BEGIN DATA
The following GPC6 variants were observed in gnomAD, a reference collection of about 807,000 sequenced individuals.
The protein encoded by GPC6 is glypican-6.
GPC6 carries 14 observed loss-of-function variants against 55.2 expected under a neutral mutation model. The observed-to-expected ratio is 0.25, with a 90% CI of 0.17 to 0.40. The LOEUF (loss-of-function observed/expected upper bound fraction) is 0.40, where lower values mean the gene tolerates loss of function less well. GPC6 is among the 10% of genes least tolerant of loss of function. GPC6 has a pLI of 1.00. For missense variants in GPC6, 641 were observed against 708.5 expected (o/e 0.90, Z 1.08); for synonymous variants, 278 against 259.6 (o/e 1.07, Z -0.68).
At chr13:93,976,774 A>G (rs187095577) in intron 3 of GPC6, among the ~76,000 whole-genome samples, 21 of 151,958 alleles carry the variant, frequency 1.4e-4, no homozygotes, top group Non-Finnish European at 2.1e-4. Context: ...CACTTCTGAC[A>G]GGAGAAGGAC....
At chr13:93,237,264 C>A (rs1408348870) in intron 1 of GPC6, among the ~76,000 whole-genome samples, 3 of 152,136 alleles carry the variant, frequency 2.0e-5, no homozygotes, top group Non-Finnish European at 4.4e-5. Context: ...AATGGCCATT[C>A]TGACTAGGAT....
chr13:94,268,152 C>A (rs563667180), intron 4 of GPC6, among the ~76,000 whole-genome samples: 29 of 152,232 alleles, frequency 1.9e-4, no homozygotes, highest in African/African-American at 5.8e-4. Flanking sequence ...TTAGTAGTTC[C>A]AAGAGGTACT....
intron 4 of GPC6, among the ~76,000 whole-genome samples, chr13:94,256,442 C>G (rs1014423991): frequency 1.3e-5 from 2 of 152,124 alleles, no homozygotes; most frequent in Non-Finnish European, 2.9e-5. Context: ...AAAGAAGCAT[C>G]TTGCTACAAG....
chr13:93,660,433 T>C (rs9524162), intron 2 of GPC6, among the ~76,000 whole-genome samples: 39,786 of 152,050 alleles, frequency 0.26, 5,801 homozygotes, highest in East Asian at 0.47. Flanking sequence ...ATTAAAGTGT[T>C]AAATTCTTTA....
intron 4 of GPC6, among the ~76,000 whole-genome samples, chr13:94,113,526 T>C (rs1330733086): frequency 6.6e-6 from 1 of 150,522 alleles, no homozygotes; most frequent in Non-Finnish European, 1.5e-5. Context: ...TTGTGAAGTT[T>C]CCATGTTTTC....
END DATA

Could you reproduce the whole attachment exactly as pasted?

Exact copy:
The following GPC6 variants were observed in gnomAD, a reference collection of about 807,000 sequenced individuals.
The protein encoded by GPC6 is glypican-6.
GPC6 carries 14 observed loss-of-function variants against 55.2 expected under a neutral mutation model. The observed-to-expected ratio is 0.25, with a 90% CI of 0.17 to 0.40. The LOEUF (loss-of-function observed/expected upper bound fraction) is 0.40, where lower values mean the gene tolerates loss of function less well. GPC6 is among the 10% of genes least tolerant of loss of function. GPC6 has a pLI of 1.00. For missense variants in GPC6, 641 were observed against 708.5 expected (o/e 0.90, Z 1.08); for synonymous variants, 278 against 259.6 (o/e 1.07, Z -0.68).
At chr13:93,976,774 A>G (rs187095577) in intron 3 of GPC6, among the ~76,000 whole-genome samples, 21 of 151,958 alleles carry the variant, frequency 1.4e-4, no homozygotes, top group Non-Finnish European at 2.1e-4. Context: ...CACTTCTGAC[A>G]GGAGAAGGAC....
At chr13:93,237,264 C>A (rs1408348870) in intron 1 of GPC6, among the ~76,000 whole-genome samples, 3 of 152,136 alleles carry the variant, frequency 2.0e-5, no homozygotes, top group Non-Finnish European at 4.4e-5. Context: ...AATGGCCATT[C>A]TGACTAGGAT....
chr13:94,268,152 C>A (rs563667180), intron 4 of GPC6, among the ~76,000 whole-genome samples: 29 of 152,232 alleles, frequency 1.9e-4, no homozygotes, highest in African/African-American at 5.8e-4. Flanking sequence ...TTAGTAGTTC[C>A]AAGAGGTACT....
intron 4 of GPC6, among the ~76,000 whole-genome samples, chr13:94,256,442 C>G (rs1014423991): frequency 1.3e-5 from 2 of 152,124 alleles, no homozygotes; most frequent in Non-Finnish European, 2.9e-5. Context: ...AAAGAAGCAT[C>G]TTGCTACAAG....
chr13:93,660,433 T>C (rs9524162), intron 2 of GPC6, among the ~76,000 whole-genome samples: 39,786 of 152,050 alleles, frequency 0.26, 5,801 homozygotes, highest in East Asian at 0.47. Flanking sequence ...ATTAAAGTGT[T>C]AAATTCTTTA....
intron 4 of GPC6, among the ~76,000 whole-genome samples, chr13:94,113,526 T>C (rs1330733086): frequency 6.6e-6 from 1 of 150,522 alleles, no homozygotes; most frequent in Non-Finnish European, 1.5e-5. Context: ...TTGTGAAGTT[T>C]CCATGTTTTC....